Celtic Currents in the Western Tradition

by bria4123 on February 3, 2012

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The Celtic and Germanic traditions are often left out of Western Civ studies. But they comprise its third leg, along with the Greco-Roman and Judeo-Christian traditions. We’ll peek at the Celtic world here the Celtic way, with a merry heart. Glass of stout optional.

My friend John Seto, from the California Council For The Humanities, noted the precarious angle of the ladder in the above photo I took on the Aran Islands. It’s Irish logic: passion over practicality. Follow your impulse first, and think later. Am I joking? It’s followed in politics too. Come inside for a story, but don’t trip on the way.

About 10 years ago I read in the San Francisco Chronicle that the national government in Dublin was trying to lower the blood alcohol level people could legally drive with. Too many drunk-driving accidents were happening.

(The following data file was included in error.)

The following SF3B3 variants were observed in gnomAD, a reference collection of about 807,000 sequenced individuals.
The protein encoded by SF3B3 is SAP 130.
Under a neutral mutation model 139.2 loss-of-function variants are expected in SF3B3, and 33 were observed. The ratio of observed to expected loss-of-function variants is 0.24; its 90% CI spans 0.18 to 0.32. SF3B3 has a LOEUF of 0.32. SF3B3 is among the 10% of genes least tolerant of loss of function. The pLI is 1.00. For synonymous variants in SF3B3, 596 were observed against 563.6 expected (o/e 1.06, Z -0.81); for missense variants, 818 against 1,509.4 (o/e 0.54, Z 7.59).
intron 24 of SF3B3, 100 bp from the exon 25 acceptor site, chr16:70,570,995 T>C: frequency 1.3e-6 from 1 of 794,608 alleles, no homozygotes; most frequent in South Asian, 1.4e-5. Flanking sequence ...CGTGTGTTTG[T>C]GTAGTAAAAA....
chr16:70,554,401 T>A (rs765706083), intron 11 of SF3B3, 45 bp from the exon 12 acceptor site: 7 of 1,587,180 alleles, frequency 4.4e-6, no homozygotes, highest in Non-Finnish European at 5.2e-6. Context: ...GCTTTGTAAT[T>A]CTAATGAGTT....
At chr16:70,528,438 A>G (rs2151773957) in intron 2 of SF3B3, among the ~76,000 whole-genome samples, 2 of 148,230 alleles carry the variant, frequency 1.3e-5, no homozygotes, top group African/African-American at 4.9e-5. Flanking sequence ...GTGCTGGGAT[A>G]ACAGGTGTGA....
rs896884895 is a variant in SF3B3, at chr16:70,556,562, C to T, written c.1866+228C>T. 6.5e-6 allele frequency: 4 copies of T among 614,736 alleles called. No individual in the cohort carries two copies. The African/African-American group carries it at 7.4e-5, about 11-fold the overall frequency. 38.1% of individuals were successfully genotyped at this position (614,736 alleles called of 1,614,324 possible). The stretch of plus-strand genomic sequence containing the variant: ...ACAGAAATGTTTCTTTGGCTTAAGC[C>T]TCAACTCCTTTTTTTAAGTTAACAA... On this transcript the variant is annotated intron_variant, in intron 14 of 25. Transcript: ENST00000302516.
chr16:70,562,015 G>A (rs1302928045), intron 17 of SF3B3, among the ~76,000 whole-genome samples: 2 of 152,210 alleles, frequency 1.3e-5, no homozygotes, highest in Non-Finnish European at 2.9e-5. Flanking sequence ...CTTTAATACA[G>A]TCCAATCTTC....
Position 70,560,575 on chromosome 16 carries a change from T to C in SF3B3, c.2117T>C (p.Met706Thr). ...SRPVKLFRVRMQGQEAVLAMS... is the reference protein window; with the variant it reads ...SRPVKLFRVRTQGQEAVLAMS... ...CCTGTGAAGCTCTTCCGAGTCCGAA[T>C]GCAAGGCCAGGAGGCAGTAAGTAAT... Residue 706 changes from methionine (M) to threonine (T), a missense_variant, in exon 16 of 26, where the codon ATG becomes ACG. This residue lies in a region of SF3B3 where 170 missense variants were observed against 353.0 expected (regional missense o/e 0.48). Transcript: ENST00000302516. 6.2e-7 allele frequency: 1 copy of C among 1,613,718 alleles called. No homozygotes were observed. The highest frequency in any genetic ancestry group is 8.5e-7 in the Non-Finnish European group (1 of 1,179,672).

Many of the good folks in Dublin were in an uproar, and they staged a demonstration. The government offered them hospitality by giving them an open house. The hosts started to serve drinks, but had to throw the demonstrators out because they were beginning to damage the building.

I still have a hard time believing the story, and I didn’t save the article, so I can’t tell you the author’s name.

I never witnessed any destructiveness in Ireland. Just lots of loud singing (though there’s an old saying: Is this a private fight, or can anyone get in it?). Many people sang in streets and hotel lobbies. America doesn’t have anything like traditional Irish music because all demographic groups enjoy it–rich and poor, urban and rural, old and young. Ireland is politically divided, but musically united. She has also spawned a lot of great rock artists. The great guitarist Rory Gallagher is one of my favorites.

Mary Murray Delaney, in Of Irish Ways, wrote that the Irish don’t drink as much as most people think they do, but it seems like they tipple because they’re drunk to begin with.

Ireland Forever!

 

 

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